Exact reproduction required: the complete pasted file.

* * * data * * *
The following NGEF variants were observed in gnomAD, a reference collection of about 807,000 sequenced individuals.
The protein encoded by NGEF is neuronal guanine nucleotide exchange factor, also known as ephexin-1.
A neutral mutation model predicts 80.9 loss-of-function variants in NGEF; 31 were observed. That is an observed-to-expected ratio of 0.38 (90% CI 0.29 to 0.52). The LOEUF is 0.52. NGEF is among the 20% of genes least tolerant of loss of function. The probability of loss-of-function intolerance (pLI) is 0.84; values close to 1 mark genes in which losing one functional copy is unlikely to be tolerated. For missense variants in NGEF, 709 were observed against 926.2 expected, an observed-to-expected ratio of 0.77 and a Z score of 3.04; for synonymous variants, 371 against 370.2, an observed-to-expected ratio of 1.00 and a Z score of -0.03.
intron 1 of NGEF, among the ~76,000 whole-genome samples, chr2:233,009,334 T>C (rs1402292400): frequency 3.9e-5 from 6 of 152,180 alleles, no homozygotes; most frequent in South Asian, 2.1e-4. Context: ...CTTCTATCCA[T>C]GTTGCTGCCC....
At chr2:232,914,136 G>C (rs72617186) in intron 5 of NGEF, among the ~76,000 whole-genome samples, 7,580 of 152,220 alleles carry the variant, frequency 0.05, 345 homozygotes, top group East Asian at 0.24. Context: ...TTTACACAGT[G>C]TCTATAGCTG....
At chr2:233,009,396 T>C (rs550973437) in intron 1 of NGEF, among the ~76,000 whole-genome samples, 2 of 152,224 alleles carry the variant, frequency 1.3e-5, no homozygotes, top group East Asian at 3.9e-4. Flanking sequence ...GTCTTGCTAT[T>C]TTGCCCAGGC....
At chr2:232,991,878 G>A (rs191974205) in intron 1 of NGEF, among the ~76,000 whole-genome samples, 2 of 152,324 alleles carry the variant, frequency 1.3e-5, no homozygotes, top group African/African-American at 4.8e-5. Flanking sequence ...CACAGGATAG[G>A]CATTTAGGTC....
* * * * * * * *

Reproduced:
The following NGEF variants were observed in gnomAD, a reference collection of about 807,000 sequenced individuals.
The protein encoded by NGEF is neuronal guanine nucleotide exchange factor, also known as ephexin-1.
A neutral mutation model predicts 80.9 loss-of-function variants in NGEF; 31 were observed. That is an observed-to-expected ratio of 0.38 (90% CI 0.29 to 0.52). The LOEUF is 0.52. NGEF is among the 20% of genes least tolerant of loss of function. The probability of loss-of-function intolerance (pLI) is 0.84; values close to 1 mark genes in which losing one functional copy is unlikely to be tolerated. For missense variants in NGEF, 709 were observed against 926.2 expected, an observed-to-expected ratio of 0.77 and a Z score of 3.04; for synonymous variants, 371 against 370.2, an observed-to-expected ratio of 1.00 and a Z score of -0.03.
intron 1 of NGEF, among the ~76,000 whole-genome samples, chr2:233,009,334 T>C (rs1402292400): frequency 3.9e-5 from 6 of 152,180 alleles, no homozygotes; most frequent in South Asian, 2.1e-4. Context: ...CTTCTATCCA[T>C]GTTGCTGCCC....
At chr2:232,914,136 G>C (rs72617186) in intron 5 of NGEF, among the ~76,000 whole-genome samples, 7,580 of 152,220 alleles carry the variant, frequency 0.05, 345 homozygotes, top group East Asian at 0.24. Context: ...TTTACACAGT[G>C]TCTATAGCTG....
At chr2:233,009,396 T>C (rs550973437) in intron 1 of NGEF, among the ~76,000 whole-genome samples, 2 of 152,224 alleles carry the variant, frequency 1.3e-5, no homozygotes, top group East Asian at 3.9e-4. Flanking sequence ...GTCTTGCTAT[T>C]TTGCCCAGGC....
At chr2:232,991,878 G>A (rs191974205) in intron 1 of NGEF, among the ~76,000 whole-genome samples, 2 of 152,324 alleles carry the variant, frequency 1.3e-5, no homozygotes, top group African/African-American at 4.8e-5. Flanking sequence ...CACAGGATAG[G>A]CATTTAGGTC....